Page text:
Wednesday, January 23, 2013

High school dropout pursues passions and becomes a multimillionaire


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David Karp began learning HTML at 11 and soon after was designing websites for local businesses. Unlike Nick Perez who spent years being drugged and tortured in a school that didn’t understand his particular passion, Karp attended high school for one year before dropping out.  This allowed him to focus on doing projects that enabled him to pursue his passions. 

He also knew this would be a good way to impress colleges. As was popular in America prior to the days of compulsory schooling and the infantalization of youth, Karp worked on projects he loved, found mentors, and began apprenticing in areas that aligned with his passion. Ironically, Karp didn’t need to impress colleges since after taking ownership of his learning he realized he didn’t need school for success.  

Karp began interning at age 14 for animation producer Fred Seibert because he was fascinated with the work of Frederator's computer engineers. He also began taking Japanese classes at the Japan Society and saw a math tutor, with whom he worked on writing software for winning at blackjack and poker. When entrepreneur John Maloney sought technical help with UrbanBaby, an online parenting forum, a Frederator employee recommended Karp for the job. Karp took on the job at age 17 and received equity in the company.  He left after it was sold to CNET and used the money from the sale of his shares to start his own software consultancy company. 

At the time he was hoping a blogging platform would introduce a tumblelogging platform (short-form blogs). No one had so in between projects he launched Tumblr which currently hosts over 87 million blogs and helps him reap in a pretty penny affording him the ability to live in a $1.6 million loft in New York City.  

Imagine what could be if more people had the guts to break from the status quo, learn in the world with mentors and from apprenticeships and then spend those years when brains are ripe with energy and creative talent to bring their passions to life.  

4 comments:

  1. Hi Lisa: What is your source for saying "As was popular in America prior to the days of compulsory schooling and the infantalization of youth, Karp worked on projects he loved, found mentors, and began apprenticing in areas that aligned with his passion"? I was always under the impression that prior to compulsory schooling child labor (factories, farms) was the norm, along with apprenticeship (not necessarily aligned with the apprentice's area of passion, but out of economic necessity). Thanks.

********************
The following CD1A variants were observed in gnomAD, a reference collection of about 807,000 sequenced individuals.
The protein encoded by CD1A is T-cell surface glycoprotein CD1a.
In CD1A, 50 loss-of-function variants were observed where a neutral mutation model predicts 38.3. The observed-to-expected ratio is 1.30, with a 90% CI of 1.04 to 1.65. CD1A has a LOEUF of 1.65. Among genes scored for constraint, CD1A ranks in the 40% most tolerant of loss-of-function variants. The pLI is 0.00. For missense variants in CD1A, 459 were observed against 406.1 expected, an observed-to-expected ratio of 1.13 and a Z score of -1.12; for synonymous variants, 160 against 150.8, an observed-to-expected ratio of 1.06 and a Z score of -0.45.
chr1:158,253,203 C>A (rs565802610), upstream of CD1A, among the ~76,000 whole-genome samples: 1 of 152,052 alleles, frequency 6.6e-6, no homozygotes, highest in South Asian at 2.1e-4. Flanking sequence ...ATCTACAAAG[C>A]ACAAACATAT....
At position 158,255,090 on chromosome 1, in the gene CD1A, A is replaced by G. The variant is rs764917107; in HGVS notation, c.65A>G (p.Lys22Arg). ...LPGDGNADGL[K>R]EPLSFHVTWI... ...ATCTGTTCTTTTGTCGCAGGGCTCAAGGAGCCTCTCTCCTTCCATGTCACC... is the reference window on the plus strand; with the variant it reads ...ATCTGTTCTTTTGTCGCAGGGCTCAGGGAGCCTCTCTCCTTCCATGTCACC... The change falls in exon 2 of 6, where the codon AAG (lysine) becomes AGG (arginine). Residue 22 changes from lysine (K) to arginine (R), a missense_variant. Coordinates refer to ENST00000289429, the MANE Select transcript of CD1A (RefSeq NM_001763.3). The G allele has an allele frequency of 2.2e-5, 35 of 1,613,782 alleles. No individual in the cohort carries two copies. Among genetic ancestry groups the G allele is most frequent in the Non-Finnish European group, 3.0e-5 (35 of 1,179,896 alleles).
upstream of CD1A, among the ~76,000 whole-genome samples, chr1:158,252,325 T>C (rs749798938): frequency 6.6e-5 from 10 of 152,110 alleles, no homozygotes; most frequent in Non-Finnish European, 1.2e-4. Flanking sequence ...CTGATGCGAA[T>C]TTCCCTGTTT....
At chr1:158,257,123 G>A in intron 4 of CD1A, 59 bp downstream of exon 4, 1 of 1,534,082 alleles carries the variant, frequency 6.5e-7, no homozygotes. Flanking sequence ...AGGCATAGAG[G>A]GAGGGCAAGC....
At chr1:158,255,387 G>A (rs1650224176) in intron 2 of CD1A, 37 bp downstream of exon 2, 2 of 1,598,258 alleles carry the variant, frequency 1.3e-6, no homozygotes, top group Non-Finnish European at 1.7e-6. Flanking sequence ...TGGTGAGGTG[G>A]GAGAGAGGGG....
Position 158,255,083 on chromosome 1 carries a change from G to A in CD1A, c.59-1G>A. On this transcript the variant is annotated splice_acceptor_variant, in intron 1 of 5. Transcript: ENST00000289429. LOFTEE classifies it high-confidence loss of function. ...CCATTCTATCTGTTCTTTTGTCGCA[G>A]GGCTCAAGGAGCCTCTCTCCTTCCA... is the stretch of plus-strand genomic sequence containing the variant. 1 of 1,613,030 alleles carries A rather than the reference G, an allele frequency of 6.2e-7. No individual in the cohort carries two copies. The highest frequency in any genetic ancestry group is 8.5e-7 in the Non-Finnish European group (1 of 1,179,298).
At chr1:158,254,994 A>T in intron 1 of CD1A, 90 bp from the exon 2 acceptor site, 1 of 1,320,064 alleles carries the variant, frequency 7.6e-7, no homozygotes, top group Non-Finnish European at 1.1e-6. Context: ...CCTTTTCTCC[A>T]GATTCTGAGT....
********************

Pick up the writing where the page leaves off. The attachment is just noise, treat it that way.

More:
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    1. A current project I am working on is an eBook called "The Uncomfortable History of Schooling in America." It is there that I have this information with all sorts of sources. The entire eBook will be published for free on my blog as a part of a series.

      As far as child labor...
      Yes, we like to scare society into believing that there are two options. What we have, or god forbid!, child labor. Yes, child labor is wrong, but it is not the ugly result of life w/out school.

      There were many successful people in our country's past who were neither forced to go to school nor forced to do child labor.

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  2. That's a great story, but I can come up with at least 20 stories like that from kids who stayed in school and thrived in the atmosphere of public schooling. My point is that public education has its place and is a great way for the majority to explore learning. There are some, however, who are very intelligent but don't fit into the education system provided. Whether or not a student is in a public school or self-educates, they can be a success. The path to the education may differ, but the product is the same --- if you work hard to learn, you will be successful.

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    1. While certainly there are some that thrive in a culture of high stakes drill, kill, and bubblefill, that does not mean it is what is best for success in life. Additionally, we have an institution where 1/3 dropout and the most common words to describe the experience is boring and irrelevant. I hardly call this success.

      The point of this post however, is that school is no place for a young person with a deep passion. It should not be the case that in order for a young person to pursue their passions and develop their talents, they must leave school. Schools should be places that foster this type of growth and development.

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